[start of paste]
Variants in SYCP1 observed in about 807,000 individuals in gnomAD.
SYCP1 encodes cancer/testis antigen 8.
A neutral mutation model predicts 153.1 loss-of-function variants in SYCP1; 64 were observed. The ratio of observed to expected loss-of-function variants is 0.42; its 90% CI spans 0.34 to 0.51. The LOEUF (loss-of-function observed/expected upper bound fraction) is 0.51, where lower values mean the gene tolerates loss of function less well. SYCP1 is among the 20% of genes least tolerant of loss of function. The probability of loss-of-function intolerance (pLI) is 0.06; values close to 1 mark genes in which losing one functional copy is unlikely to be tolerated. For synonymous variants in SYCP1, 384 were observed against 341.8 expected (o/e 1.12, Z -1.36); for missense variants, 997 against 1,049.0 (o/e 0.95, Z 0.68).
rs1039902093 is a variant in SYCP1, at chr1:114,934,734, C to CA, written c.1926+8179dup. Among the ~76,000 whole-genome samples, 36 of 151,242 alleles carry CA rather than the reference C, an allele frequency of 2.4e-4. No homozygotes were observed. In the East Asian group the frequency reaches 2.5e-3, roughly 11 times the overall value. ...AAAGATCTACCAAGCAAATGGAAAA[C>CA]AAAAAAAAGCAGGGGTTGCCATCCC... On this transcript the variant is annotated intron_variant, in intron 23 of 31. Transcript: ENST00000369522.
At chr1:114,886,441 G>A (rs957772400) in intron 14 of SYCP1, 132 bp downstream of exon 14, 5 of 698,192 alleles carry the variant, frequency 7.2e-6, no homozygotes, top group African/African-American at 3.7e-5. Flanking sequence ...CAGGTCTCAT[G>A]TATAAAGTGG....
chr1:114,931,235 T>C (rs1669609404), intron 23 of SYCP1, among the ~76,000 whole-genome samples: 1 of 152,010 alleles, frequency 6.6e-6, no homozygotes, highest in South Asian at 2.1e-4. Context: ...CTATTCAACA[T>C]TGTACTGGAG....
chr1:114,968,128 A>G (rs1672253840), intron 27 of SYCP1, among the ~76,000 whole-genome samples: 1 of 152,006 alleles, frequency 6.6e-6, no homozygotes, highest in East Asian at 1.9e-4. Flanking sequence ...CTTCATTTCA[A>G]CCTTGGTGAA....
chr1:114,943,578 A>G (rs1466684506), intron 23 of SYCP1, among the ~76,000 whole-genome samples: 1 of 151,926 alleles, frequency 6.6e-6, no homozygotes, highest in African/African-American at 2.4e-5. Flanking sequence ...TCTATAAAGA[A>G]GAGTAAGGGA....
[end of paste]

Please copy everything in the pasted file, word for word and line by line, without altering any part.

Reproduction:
Variants in SYCP1 observed in about 807,000 individuals in gnomAD.
SYCP1 encodes cancer/testis antigen 8.
A neutral mutation model predicts 153.1 loss-of-function variants in SYCP1; 64 were observed. The ratio of observed to expected loss-of-function variants is 0.42; its 90% CI spans 0.34 to 0.51. The LOEUF (loss-of-function observed/expected upper bound fraction) is 0.51, where lower values mean the gene tolerates loss of function less well. SYCP1 is among the 20% of genes least tolerant of loss of function. The probability of loss-of-function intolerance (pLI) is 0.06; values close to 1 mark genes in which losing one functional copy is unlikely to be tolerated. For synonymous variants in SYCP1, 384 were observed against 341.8 expected (o/e 1.12, Z -1.36); for missense variants, 997 against 1,049.0 (o/e 0.95, Z 0.68).
rs1039902093 is a variant in SYCP1, at chr1:114,934,734, C to CA, written c.1926+8179dup. Among the ~76,000 whole-genome samples, 36 of 151,242 alleles carry CA rather than the reference C, an allele frequency of 2.4e-4. No homozygotes were observed. In the East Asian group the frequency reaches 2.5e-3, roughly 11 times the overall value. ...AAAGATCTACCAAGCAAATGGAAAA[C>CA]AAAAAAAAGCAGGGGTTGCCATCCC... On this transcript the variant is annotated intron_variant, in intron 23 of 31. Transcript: ENST00000369522.
At chr1:114,886,441 G>A (rs957772400) in intron 14 of SYCP1, 132 bp downstream of exon 14, 5 of 698,192 alleles carry the variant, frequency 7.2e-6, no homozygotes, top group African/African-American at 3.7e-5. Flanking sequence ...CAGGTCTCAT[G>A]TATAAAGTGG....
chr1:114,931,235 T>C (rs1669609404), intron 23 of SYCP1, among the ~76,000 whole-genome samples: 1 of 152,010 alleles, frequency 6.6e-6, no homozygotes, highest in South Asian at 2.1e-4. Context: ...CTATTCAACA[T>C]TGTACTGGAG....
chr1:114,968,128 A>G (rs1672253840), intron 27 of SYCP1, among the ~76,000 whole-genome samples: 1 of 152,006 alleles, frequency 6.6e-6, no homozygotes, highest in East Asian at 1.9e-4. Flanking sequence ...CTTCATTTCA[A>G]CCTTGGTGAA....
chr1:114,943,578 A>G (rs1466684506), intron 23 of SYCP1, among the ~76,000 whole-genome samples: 1 of 151,926 alleles, frequency 6.6e-6, no homozygotes, highest in African/African-American at 2.4e-5. Flanking sequence ...TCTATAAAGA[A>G]GAGTAAGGGA....